Mom: “Go to your room!”
Kid: “Yes, please!”
“Go to your room” was a phrase that used to instill in a child a sense of dread, upset and, most importantly, regret over their misbehavior. However, with the advent of cell phones, iPads, Game Boys, laptops, Kindles and other portable technological devices, going to your room can sound like a really fun idea for many kids.
These days, parents are now having a crisis of discipline, because the old consequences don’t always work anymore. Being grounded all weekend is no longer such a bad idea for many kids, who actually welcome this punishment because they can be moresocial at home on Facebook and chat, than if they go out with a few friends. As a result, time honored ways of grounding don’t actually discourage bad behavior, but rather encourage social isolation and screen obsession for some young people.
How can parents address this problem? I think we have to begin conversations about digital grounding.
What is Digital Grounding?
Digital Grounding is when parents take away access to electronic devices, either completely or partially, from their children. This can range from banning Facebook for a week to taking away a cell phone for social use.
How Can Parents Digitally Ground?
I am not a proponent of digital grounding, for which there is no one way to do, for all families. I think it can be useful when the “crime” has to do with technology. For example, if a teenager visits prohibited websites or sneaks online after hours, then taking away Internet access is a fitting consequence. The point of digital grounding is to teach kids to feel remorse about bad behavior, not to make them miserable.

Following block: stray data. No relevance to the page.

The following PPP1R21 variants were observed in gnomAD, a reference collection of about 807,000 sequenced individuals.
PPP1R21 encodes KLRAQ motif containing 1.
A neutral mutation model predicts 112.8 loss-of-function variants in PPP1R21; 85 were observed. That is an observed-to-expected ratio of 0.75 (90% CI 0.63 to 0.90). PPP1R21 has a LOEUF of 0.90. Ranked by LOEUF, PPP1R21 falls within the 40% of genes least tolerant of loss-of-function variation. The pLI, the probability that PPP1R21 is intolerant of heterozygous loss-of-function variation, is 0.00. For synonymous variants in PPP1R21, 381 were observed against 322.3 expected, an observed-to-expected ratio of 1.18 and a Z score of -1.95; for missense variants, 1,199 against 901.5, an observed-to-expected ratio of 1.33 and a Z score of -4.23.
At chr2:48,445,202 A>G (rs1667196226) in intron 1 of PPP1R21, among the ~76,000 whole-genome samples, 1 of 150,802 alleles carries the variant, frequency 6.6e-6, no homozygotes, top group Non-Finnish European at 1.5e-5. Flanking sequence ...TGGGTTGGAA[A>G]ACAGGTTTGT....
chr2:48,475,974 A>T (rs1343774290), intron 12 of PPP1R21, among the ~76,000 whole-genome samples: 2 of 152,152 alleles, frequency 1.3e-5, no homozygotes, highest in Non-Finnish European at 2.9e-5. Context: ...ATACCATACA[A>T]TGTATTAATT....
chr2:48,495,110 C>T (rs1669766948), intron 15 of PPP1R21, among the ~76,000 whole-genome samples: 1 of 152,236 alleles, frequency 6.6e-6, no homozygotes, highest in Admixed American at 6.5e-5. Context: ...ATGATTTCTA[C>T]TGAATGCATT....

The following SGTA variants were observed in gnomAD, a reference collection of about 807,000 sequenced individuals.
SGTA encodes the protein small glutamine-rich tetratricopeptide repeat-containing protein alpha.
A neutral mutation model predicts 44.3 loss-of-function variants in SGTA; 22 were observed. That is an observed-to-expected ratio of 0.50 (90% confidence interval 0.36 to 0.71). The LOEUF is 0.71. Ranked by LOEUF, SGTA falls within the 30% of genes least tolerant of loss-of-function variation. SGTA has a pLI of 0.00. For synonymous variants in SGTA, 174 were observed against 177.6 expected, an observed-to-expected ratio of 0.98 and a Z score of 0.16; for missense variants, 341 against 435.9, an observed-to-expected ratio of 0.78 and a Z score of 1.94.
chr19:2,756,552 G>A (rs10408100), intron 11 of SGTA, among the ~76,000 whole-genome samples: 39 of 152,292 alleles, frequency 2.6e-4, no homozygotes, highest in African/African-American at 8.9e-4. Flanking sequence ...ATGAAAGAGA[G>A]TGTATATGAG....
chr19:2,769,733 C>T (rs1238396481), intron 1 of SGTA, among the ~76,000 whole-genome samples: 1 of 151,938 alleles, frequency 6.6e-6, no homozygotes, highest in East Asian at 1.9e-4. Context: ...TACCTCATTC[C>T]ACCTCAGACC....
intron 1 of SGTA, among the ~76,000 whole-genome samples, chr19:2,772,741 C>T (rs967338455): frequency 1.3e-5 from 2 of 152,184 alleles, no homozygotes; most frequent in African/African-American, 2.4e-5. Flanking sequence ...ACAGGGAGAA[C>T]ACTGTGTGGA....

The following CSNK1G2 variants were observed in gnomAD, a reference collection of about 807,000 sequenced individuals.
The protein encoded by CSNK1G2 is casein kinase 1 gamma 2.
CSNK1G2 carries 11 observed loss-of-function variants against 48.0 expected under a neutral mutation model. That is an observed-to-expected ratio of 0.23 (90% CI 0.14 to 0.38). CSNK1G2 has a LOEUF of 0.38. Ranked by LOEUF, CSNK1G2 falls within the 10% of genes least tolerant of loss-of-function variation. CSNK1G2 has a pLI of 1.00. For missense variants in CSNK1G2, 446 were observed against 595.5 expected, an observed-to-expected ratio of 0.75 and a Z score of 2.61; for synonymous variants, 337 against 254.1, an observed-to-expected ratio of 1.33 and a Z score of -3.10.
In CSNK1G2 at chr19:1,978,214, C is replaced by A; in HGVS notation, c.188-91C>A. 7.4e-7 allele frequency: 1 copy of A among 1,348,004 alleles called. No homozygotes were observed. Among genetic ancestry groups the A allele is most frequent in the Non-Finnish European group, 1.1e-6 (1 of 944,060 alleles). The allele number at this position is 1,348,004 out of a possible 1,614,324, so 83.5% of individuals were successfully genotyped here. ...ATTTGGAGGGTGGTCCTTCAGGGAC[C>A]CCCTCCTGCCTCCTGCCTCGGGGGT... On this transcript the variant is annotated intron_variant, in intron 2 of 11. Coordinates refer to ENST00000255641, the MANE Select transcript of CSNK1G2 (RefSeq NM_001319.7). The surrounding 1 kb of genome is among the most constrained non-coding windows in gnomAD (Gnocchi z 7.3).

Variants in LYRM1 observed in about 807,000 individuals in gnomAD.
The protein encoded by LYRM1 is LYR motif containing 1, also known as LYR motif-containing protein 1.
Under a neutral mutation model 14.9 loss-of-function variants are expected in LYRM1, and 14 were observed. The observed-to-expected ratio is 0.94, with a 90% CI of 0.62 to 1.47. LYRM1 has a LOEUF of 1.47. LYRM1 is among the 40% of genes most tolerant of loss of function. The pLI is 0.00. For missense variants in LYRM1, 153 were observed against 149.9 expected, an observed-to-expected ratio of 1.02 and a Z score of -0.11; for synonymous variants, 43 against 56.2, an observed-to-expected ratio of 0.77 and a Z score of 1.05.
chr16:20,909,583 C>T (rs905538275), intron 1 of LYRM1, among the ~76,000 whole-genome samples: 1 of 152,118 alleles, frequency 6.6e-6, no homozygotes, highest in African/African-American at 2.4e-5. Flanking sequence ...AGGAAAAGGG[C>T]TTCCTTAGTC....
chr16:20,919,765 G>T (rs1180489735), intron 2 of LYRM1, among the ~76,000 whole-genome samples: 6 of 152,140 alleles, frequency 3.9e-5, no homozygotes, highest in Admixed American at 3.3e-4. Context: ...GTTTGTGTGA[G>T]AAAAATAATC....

What is Good About Digitally Grounding?
Typically “You’re grounded!” means a child has to stay home and not see friends socially for a few days or even weeks. As a result, parents can unknowingly push their kids to be more connected to their devices, which can make them more socially illiterate by devaluing in-person relationships. But digital grounding forces kids to build offline relationships while they take a break from their technology.
We have to think about how consequences for teenagers needs to change and how parents should make sure their disciplinary methods not only discourages kids to misbehave or break rules again, but also encourages general life behavior we support.
Vanessa Van Petten is the teen author of the parenting book “You’re Grounded!” She writes a parenting blog along with 12 other teen writers from the kid’s perspective to help parents understand what is actually going on in the mind of kid’s today. Her parenting tips have been featured in the Wall Street Journal, Los Angeles Daily News, Fox 5 New York, CBS 4 Miami and much more. Visit her web site at RadicalParenting.com